(Aug 6, 2016 08:32 PM)C C Wrote: Even though we had no Swabian ancestry that I'm aware of, my marginally taciturn dad seemed to emulate them in that he had a reluctance to issue compliments in a direct manner. But such hesitation apparently revolves around concern of such coming across as manipulative flattery. That tendency also seems connected to the Swabian disinclination of accepting and delivering exaggerated praise for  good work or craftsmanship -- as if a job well done is obvious enough without having to utter it aloud to each other.  

That’s interesting, C C.  One of the biggest swabian compliments that you can receive is "no complaints".  

Giving compliments is fairly common in most cultures, but how you respond to them is a whole nother story.  Did you know that in some African cultures, if you compliment a person on their shirt or food, their obligated to give it to you?  

Wouldn’t that be fun?  Wink
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#5
(Aug 7, 2016 07:18 AM)Secular Sanity Wrote: Giving compliments is fairly common in most cultures, but how you respond to them is a whole nother story.  Did you know that in some African cultures, if you compliment a person on their shirt or food, their obligated to give it to you? Wouldn’t that be fun?  Wink


LOL. Hopefully there it's not deemed impolite or effrontery to dispense such praise and invoke the "rewards".[*] It would be just my luck that in the course of unknowingly baring all the fine young men's torsos, I was likewise oblivious to the grudges they might be privately accumulating.

- - - - - - -

[*] Even though the rules of cordial reception made it possible in theory, the pre-Christian Inuit, Yuit, and Kalaallit men rarely offered their wives to unimportant or average visitors / strangers (no matter how blandishing and grateful the latter's attitudes). And it was considered rude if the guest actually made the request, supposedly forcing his host to comply.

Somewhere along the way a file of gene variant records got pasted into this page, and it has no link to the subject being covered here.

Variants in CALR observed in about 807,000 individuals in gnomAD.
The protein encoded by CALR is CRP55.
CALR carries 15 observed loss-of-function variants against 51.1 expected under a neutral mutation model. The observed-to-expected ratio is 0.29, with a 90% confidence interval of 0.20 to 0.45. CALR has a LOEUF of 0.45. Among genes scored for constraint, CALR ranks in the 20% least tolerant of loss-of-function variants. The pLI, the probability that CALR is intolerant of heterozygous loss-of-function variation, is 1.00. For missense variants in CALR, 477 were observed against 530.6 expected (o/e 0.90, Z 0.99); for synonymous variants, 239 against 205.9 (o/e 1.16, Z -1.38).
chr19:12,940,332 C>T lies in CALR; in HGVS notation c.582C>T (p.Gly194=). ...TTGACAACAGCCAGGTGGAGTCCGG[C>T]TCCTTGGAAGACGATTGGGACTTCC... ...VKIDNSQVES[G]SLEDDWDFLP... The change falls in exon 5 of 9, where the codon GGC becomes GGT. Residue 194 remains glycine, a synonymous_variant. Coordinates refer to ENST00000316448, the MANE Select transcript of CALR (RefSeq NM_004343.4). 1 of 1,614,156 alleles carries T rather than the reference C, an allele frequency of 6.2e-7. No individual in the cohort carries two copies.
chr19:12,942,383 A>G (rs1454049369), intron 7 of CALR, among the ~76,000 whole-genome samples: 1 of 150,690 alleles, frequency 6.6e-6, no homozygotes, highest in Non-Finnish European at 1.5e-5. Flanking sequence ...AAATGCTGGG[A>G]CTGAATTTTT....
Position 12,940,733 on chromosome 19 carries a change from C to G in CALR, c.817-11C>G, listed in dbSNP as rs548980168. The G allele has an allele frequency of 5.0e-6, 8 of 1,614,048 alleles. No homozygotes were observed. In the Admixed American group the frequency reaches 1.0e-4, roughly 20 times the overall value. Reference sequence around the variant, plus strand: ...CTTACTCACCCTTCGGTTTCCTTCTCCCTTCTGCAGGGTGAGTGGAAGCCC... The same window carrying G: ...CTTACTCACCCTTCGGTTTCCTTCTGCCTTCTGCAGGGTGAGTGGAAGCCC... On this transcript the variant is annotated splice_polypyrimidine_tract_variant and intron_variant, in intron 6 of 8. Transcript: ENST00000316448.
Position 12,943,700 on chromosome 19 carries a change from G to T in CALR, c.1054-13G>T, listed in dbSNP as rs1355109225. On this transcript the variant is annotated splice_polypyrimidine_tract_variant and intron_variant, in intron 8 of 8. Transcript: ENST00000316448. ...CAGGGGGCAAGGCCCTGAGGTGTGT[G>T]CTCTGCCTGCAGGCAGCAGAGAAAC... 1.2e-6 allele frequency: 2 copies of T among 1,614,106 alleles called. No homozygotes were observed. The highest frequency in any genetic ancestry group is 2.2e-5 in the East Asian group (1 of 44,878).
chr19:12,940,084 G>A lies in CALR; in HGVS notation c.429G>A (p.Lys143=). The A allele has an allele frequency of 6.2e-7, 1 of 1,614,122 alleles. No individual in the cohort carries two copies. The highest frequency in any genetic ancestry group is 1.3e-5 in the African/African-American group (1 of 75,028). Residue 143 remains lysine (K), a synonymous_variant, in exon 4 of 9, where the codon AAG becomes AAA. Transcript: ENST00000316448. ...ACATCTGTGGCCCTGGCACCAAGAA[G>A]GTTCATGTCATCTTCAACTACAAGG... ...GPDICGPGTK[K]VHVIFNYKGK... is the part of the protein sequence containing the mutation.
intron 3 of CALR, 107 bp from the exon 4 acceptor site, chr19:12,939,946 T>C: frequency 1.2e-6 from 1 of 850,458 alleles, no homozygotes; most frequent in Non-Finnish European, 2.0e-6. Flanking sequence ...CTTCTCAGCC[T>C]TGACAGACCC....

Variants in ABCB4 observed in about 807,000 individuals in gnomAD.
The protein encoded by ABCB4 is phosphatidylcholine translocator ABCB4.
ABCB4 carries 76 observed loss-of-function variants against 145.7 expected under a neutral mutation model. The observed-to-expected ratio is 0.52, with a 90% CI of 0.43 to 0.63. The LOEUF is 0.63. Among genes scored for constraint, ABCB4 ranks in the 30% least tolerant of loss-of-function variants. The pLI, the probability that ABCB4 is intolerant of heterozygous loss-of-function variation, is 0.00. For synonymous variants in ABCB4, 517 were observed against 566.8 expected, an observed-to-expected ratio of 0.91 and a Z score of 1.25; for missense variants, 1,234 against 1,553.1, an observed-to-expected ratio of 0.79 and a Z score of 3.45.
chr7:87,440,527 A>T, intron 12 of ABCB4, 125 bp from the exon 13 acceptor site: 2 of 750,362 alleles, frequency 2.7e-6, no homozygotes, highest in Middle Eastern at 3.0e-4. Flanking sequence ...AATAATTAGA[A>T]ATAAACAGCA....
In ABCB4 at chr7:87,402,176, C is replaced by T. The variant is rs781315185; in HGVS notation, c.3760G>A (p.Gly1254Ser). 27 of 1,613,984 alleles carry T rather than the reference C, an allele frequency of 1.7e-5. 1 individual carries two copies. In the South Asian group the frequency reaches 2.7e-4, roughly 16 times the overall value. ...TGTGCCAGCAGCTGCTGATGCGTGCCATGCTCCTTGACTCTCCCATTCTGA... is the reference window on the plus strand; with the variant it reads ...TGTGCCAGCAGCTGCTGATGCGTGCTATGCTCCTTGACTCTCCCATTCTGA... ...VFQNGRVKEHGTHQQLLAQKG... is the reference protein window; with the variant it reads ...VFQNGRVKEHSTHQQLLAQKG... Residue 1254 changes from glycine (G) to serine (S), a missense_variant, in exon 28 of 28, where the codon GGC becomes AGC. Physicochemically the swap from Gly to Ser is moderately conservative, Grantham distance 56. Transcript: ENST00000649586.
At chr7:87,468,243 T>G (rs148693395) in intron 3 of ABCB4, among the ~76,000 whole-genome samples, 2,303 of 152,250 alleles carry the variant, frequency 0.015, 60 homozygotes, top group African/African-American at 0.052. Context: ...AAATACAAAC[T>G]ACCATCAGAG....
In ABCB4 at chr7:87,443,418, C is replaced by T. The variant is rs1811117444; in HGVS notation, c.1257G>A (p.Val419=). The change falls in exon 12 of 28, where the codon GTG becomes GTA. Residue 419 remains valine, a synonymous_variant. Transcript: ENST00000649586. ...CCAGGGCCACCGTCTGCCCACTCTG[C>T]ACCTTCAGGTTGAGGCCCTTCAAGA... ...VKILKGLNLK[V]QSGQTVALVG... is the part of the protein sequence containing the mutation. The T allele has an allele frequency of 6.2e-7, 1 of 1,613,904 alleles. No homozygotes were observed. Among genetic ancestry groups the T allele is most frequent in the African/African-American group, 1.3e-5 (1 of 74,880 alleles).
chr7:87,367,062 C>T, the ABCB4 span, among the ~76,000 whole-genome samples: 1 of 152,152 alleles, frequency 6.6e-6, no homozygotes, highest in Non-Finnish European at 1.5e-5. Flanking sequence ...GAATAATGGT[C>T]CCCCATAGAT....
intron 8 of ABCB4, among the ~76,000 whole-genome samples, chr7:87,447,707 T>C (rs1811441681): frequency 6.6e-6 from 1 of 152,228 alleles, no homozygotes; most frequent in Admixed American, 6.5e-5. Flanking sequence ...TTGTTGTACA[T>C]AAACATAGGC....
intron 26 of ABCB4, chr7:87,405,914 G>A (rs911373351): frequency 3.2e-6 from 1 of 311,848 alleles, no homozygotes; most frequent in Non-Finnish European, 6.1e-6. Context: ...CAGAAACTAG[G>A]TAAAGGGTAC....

A lot of the other seemingly related activity in the Arctic was more gender-balanced(?), ritualistic spouse-swapping (shaman blessed) for a variety of pragmatic purposes. Including triggering "good fortune" for the community members. The more arbitrary "putting-out-of-the-lamps" game was apparently only played in Greenland. The angekok had a sacred role there too, offering prayers and summoning the ghostly essences or something beforehand.
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#6
Well, that was a short-lived moniker and it was just starting to get good. Sad

Wow, you’re quite the host, Madame C C.  At one time, it was traditional for guests to repay their host with a story of their travels.

The War of the Worlds by H. G. Bells
Commander in Chief Stryder:  Our ozone depletion has reached a critical state.  I’ve just received a response to our distress signal from Tau Ceti e, which lies just 11.9 light years from Earth.  It’s Earth’s last best hope.  Have the Feminist Federation Fleet report to my office immediately.

Officer Elite:  Yes, Commander.  Right away, sir.

Admiral Ben:  You wanted to see us, Commander?  

Commander in Chief Stryder:  Yes.  Prepare your ship and crew.  You’ll be departing for the constellation of Cetus at 0600.  We’ve received an invitation from the inhabitants of Tau Ceti e.  The inhabitants are known as Godots and they have assured us that their planet is inhabitable for our species.  I expect to have a full report on my desk immediately upon your return.

Admiral Ben:  Yes, Commander.

Officer Elite:  The Feminist Federation is here to see you, sir.  

Commander in Chief Stryder:  Do we have their report and is the data complete?

Officer Elite:  Yes, sir.  It’s in the file on your desk.

Commander in Chief Stryder:  Send them in.

Commander in Chief Stryder:  I see here that Commodore Yazata found Tau Ceti e inhabitable and with an abundance of natural resources.  Nevertheless, Captain C C reports that the Godots have created a hostile environment.  Do you agree with Captain C C’s assessment, Lieutenant S S?